With contributions from experts in the field, this book presents a synthesis of the state of the art in the methodology of biomarkers and its contribution to ecological risk assessment. The text explores the latest knowledge and thinking on this very important approach for the assessment of environmental health, management, and conservation. It describes the core biomarkers currently used in environmental research concerned with biological monitoring, biomarkers which correspond to the defenses developed by living organisms in response to contaminants in their environment, and biomarkers that reveal biological damage resulting from contaminant stressors.
Introduction. History of Biomarkers. Biomarkers of Defence, Tolerance and Ecological Consequences. Biomarkers of Damage. Sentinel Species. Linking Lysosomal Biomarkers and Ecotoxicological Effects at Higher Biological Levels. Impairments of Endocrine Functions: Causes and Consequences. Impairments of Endocrine Functions: Case Studies. Behavioral Ecotoxicology. Origin of Energy Metabolism Impairments. Consequences of Energy Metabolism Impairments. Genotoxicity Markers and In Situ Individual and Populational Effects. Genetic Variability and Gene Expression. Biomarkers in the Assessment of The Ecotoxicological Status Of Aquatic Habitats.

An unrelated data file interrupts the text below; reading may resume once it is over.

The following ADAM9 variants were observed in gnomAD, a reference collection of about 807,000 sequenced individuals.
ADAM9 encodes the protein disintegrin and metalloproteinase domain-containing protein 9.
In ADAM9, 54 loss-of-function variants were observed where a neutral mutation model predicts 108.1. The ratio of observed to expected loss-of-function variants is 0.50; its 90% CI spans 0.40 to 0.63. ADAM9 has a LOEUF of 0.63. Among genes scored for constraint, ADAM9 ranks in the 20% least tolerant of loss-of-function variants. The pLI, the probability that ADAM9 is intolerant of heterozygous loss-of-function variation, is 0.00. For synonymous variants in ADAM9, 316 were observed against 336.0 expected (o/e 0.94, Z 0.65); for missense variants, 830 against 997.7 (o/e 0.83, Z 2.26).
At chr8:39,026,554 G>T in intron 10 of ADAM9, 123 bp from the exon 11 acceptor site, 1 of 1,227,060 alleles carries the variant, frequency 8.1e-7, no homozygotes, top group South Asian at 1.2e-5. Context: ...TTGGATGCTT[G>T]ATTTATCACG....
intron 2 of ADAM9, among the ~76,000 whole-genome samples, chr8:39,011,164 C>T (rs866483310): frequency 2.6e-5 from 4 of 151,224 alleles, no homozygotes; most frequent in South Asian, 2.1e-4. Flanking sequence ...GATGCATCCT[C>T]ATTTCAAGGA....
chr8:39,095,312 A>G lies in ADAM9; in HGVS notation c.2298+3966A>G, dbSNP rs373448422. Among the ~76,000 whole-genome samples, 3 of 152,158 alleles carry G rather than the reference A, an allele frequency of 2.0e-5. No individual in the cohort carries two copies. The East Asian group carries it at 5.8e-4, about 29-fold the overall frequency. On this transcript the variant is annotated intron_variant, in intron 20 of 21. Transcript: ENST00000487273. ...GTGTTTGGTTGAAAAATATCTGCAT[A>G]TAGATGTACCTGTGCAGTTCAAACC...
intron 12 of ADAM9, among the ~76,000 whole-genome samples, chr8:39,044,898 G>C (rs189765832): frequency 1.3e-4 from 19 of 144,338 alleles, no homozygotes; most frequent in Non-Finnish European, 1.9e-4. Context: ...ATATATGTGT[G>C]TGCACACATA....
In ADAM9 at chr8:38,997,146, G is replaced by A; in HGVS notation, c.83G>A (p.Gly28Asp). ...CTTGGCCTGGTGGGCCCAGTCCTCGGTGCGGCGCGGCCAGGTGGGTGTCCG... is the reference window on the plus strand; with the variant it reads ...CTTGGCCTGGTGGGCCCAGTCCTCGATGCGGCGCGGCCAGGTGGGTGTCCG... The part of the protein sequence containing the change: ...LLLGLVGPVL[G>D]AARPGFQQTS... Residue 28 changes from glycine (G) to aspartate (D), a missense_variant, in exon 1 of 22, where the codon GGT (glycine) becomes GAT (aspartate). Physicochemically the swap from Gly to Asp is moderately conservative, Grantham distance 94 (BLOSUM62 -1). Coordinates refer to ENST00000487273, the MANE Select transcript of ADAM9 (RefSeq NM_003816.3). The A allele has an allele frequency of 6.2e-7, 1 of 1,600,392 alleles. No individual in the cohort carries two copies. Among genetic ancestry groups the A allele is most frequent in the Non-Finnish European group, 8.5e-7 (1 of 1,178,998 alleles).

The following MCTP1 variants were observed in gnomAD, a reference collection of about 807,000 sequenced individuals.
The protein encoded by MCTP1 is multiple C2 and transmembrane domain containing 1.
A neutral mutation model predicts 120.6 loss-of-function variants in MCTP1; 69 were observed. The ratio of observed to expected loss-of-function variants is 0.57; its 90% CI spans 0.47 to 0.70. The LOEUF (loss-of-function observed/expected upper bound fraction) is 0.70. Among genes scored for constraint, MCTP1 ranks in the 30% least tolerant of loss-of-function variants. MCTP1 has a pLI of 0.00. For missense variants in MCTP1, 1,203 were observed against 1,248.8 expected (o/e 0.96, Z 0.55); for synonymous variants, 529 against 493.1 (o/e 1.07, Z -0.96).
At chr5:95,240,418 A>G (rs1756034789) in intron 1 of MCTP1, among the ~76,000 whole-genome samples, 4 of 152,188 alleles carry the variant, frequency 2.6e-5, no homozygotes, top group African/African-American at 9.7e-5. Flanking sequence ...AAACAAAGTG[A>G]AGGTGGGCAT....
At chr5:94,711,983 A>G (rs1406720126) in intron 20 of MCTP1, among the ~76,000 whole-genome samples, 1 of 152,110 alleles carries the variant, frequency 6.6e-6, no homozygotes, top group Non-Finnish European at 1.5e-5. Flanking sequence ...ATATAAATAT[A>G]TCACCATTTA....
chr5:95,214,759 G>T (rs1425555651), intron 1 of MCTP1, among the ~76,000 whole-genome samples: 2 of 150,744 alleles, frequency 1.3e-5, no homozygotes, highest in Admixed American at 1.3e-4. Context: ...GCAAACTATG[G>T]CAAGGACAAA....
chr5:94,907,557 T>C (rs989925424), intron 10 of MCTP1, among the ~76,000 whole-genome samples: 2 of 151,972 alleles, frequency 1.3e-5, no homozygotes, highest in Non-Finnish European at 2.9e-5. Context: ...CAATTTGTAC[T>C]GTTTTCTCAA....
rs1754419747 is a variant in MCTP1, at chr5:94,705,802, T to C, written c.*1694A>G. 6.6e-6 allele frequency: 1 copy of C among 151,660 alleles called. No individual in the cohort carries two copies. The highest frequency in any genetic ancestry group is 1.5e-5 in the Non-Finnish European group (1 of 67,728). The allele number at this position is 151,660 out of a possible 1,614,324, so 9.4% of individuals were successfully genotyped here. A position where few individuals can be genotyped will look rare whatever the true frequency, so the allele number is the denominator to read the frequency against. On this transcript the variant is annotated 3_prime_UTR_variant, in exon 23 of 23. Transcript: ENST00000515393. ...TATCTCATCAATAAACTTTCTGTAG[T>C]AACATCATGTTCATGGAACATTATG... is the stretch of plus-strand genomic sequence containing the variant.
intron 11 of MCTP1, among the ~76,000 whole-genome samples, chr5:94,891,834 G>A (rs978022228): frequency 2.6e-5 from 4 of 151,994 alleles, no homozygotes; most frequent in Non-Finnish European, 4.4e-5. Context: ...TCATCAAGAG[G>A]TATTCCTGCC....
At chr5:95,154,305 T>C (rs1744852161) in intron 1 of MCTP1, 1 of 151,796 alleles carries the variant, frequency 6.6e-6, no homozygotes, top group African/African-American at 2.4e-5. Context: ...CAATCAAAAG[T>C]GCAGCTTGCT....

Dr. Claude Amiard-Triquet is a Research Director in the CNRS (French National Research Center) based at the University of Nantes, France. Dr. Amiard-Triquet's research interests include metal ecotoxicology, biomarkers, and emerging contaminants (endocrine disruptors, nanoparticles).
Professor Jean-Claude Amiard is a Research Director in the CNRS (French National Research Center) based at the University of Nantes, France. His research activities have focused on the fate and effects of trace metals in marine and estuarine ecosystems, the tolerance of organisms to chronic exposure to contaminants, and the application of biomarkers to the assessment of ecotoxicity of emerging contaminants.
Professor Philip Rainbow is the Head of the Department of Zoology at the Natural History Museum, London, leading a staff of more than 100 working scientists. His recent research has focused on the factors affecting the bioavailability of trace metals to aquatic invertebrates from both solution and the diet, and the biodynamic modeling of trace metal bioaccumulation.